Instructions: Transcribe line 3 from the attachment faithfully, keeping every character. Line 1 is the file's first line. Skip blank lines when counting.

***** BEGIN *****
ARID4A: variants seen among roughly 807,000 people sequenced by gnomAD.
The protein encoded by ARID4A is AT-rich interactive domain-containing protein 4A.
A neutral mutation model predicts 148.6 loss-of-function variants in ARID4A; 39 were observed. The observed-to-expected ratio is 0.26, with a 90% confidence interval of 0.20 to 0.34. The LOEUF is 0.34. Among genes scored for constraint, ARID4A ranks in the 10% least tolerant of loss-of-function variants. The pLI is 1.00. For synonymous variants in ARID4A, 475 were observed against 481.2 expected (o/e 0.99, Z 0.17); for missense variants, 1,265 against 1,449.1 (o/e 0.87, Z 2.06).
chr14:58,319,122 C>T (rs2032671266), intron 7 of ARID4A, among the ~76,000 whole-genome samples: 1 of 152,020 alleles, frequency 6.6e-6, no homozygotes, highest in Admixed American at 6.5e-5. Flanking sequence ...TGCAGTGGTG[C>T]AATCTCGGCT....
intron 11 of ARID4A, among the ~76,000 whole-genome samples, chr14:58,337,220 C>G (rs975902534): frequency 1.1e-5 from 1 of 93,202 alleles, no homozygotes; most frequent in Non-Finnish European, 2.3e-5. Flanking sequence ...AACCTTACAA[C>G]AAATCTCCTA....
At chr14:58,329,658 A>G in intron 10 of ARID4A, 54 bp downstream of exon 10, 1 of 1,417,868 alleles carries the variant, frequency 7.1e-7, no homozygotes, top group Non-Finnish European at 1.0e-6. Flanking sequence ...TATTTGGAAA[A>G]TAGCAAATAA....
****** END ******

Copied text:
A neutral mutation model predicts 148.6 loss-of-function variants in ARID4A; 39 were observed. The observed-to-expected ratio is 0.26, with a 90% confidence interval of 0.20 to 0.34. The LOEUF is 0.34. Among genes scored for constraint, ARID4A ranks in the 10% least tolerant of loss-of-function variants. The pLI is 1.00. For synonymous variants in ARID4A, 475 were observed against 481.2 expected (o/e 0.99, Z 0.17); for missense variants, 1,265 against 1,449.1 (o/e 0.87, Z 2.06).